Each SlotMusic package comes with a microSD card and a USB adapter, which enables users to play the music in cellphones and on PCs – and other devices that have a USB port. The package also includes a booklet taken from the CD version as well as a small cover art plastic case for the microSD card. There is no magic when playing the music – the USB adapter was instantly recognized and the music was instantly available on my PC and my Blackberry Pearl phone. Depending on the music player you use, you can attach the USB device for instant recognition and playback in that software as well.
Using these cards, potentially more than one, with a cellphone could be rather inconvenient. At least in my case, switching the microSD card means removing the back cover and the battery to insert the card. The Blackberry Pearl is not especially known for its fast boot times: If you switch your music card, you will have to simply deal with rebooting the phone.
The good news is that the Leona Lewis MP3 alsbum (256 Kb/s) took up only 96.2 MB and the booklet just 1.1 MB. 870 MB of the 1 GB raw capacity were still available, which you could use for other data – such as about 120 more songs in 256 kb/s quality. That would give you more than 500 minutes or more than six hours of playback time, which should be enough for most national travel occasions.
So, what about DRM?
I have to say that I was a bit skeptic when I heard that there was no DRM included in SlotMusic media. And as far as usage restrictions are concerned, I can now confirm that there is zero, nada, zilch DRM. You can copy the music to any PC, as often as you want, you can burn it to a CD or move it to your MP3 player. This is exactly how it should be.
At least in the case of Leona Lewis’ Spirit album I was even surprised that the ID3 information contained in the MP3 files was not complete. The publisher and copyright fields are empty. However, there is a tiny readme file containing the copyright information for the entire album.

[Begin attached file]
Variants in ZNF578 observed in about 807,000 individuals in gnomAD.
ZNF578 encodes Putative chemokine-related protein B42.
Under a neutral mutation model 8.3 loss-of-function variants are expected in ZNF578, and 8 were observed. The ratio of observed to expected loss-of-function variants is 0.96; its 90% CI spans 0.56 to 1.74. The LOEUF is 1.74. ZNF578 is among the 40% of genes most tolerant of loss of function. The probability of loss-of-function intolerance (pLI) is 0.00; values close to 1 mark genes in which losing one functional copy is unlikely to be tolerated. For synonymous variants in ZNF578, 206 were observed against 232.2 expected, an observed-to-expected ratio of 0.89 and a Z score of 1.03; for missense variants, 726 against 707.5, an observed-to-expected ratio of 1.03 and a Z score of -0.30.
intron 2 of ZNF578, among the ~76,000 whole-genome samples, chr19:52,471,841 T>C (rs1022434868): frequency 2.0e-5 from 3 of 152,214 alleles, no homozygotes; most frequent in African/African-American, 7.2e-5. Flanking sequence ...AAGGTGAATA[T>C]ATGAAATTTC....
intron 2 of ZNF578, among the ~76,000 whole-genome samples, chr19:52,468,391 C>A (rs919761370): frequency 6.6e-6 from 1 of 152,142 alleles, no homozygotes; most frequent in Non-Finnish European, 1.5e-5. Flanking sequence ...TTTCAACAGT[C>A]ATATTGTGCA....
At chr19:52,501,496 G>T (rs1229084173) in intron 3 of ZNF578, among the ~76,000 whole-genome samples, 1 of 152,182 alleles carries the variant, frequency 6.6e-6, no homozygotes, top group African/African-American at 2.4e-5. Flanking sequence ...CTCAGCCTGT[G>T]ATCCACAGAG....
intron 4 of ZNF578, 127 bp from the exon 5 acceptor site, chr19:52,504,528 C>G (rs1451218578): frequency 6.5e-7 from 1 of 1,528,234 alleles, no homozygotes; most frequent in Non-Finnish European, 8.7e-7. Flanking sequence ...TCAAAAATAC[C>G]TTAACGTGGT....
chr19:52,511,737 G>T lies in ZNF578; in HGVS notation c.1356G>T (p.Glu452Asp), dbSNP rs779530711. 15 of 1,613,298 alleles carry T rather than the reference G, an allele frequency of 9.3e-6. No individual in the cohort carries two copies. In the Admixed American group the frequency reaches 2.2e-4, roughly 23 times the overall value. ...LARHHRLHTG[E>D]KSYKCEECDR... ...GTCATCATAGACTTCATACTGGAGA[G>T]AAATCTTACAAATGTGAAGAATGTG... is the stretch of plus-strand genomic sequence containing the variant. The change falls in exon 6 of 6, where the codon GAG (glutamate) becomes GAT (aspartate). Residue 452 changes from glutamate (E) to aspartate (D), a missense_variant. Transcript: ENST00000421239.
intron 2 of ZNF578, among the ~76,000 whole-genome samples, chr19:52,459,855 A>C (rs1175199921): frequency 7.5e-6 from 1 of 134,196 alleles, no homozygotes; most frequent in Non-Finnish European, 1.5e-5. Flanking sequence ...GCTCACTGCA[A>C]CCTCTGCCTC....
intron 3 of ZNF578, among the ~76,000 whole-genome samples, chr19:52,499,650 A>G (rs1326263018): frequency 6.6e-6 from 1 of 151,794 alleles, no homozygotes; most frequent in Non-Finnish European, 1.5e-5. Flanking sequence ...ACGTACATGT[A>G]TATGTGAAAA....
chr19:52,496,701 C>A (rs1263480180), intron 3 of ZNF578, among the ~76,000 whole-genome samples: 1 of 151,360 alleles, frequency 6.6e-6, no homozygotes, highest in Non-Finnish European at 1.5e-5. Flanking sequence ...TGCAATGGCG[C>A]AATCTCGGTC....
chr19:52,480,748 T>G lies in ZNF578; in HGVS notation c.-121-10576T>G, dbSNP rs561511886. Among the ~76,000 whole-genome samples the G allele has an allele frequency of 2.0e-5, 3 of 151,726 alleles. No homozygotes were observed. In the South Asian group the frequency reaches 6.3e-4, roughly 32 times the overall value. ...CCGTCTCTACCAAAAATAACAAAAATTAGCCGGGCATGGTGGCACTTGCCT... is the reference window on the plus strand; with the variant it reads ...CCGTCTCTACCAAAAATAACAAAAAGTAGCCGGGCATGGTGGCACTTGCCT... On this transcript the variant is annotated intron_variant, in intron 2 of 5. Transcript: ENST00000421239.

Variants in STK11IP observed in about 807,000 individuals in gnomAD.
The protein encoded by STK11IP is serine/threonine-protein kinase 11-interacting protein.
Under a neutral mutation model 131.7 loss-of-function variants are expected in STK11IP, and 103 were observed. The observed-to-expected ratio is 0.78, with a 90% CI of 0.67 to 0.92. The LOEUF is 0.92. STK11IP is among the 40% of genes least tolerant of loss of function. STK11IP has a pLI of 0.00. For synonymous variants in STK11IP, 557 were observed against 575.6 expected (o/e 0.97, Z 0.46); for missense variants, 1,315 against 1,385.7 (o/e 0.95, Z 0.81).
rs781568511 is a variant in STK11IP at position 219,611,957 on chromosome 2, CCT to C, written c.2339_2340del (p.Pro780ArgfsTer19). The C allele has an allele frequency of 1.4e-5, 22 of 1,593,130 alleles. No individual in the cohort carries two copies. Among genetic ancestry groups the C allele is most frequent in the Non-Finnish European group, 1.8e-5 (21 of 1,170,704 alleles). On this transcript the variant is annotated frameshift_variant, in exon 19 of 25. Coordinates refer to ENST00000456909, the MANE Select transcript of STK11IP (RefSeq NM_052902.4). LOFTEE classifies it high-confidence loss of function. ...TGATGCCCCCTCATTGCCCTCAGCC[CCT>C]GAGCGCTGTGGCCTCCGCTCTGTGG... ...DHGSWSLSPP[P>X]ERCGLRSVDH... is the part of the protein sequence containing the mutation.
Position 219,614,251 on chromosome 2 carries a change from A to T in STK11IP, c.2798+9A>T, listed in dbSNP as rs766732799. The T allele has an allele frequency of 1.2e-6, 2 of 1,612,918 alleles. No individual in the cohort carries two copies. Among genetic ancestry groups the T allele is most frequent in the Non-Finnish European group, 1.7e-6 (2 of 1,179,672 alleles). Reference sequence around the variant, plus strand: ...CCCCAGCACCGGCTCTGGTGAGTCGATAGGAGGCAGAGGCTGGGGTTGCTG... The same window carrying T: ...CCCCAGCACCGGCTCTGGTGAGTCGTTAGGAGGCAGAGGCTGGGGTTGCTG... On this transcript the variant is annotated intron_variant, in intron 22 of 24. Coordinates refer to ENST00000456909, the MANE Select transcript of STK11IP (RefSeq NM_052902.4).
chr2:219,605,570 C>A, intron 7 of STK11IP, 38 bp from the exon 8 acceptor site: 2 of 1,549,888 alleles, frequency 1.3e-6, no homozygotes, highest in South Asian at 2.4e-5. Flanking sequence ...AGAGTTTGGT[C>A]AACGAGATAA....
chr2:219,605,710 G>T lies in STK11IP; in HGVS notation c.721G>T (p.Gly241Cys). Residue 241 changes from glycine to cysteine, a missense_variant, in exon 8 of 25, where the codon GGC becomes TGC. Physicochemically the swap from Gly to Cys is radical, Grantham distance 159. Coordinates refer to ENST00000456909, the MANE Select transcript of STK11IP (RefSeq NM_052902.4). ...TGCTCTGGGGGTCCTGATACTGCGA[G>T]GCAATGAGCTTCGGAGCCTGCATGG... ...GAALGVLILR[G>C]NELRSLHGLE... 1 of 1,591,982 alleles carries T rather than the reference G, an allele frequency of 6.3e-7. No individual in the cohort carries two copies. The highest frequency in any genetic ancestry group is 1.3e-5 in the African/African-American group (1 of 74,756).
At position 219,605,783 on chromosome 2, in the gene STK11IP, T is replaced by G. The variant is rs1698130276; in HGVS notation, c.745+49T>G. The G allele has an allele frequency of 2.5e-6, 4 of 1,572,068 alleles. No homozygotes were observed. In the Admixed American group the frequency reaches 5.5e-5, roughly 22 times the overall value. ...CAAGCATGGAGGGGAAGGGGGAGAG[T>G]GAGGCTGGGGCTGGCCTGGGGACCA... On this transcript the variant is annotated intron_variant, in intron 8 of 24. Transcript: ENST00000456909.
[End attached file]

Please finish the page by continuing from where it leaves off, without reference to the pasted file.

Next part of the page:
There is really only one common sense way to sell music on flash cards and SlotMusic is it. The format itself looks like a serious effort to counter declining CD sales with a more modern format. If you value physical media over pure downloads, if you value the included booklet and if you have use for the microSD memory cards, SlotMusic is an interesting alternative. If you think about it, the combined value of physical products and content you purchase for $14.99 is actually impressive.
There are some handling issues. I would suspect most buyers to just keep the flash card and its plastic case, but throw the other packaging away. Which leaves the question where you should store the regular booklet. Keeping the entire package and dealing with the cardboard top and the plastic inside is a bit inconvenient for my taste. Sandisk should reconsider the whole packaging.
That leads over to my biggest complaint: The packaging is virtually invisible when placed between regular CDs. You can’t just expect people to start buying a format that may or may not be in the spot where you normally would be looking for a CD. What exactly is the problem with creating dedicated space for this format? It almost seems as if Best Buy has no interest in selling SlotMusic.
The way how SlotMusic is launched into retail is a clear example how to set up a product for failure. Sandisk, music publishers and retail stores have to figure out a way how to distinguish this format from a traditional CD. Otherwise, SlotMusic will disappear as quickly as it came.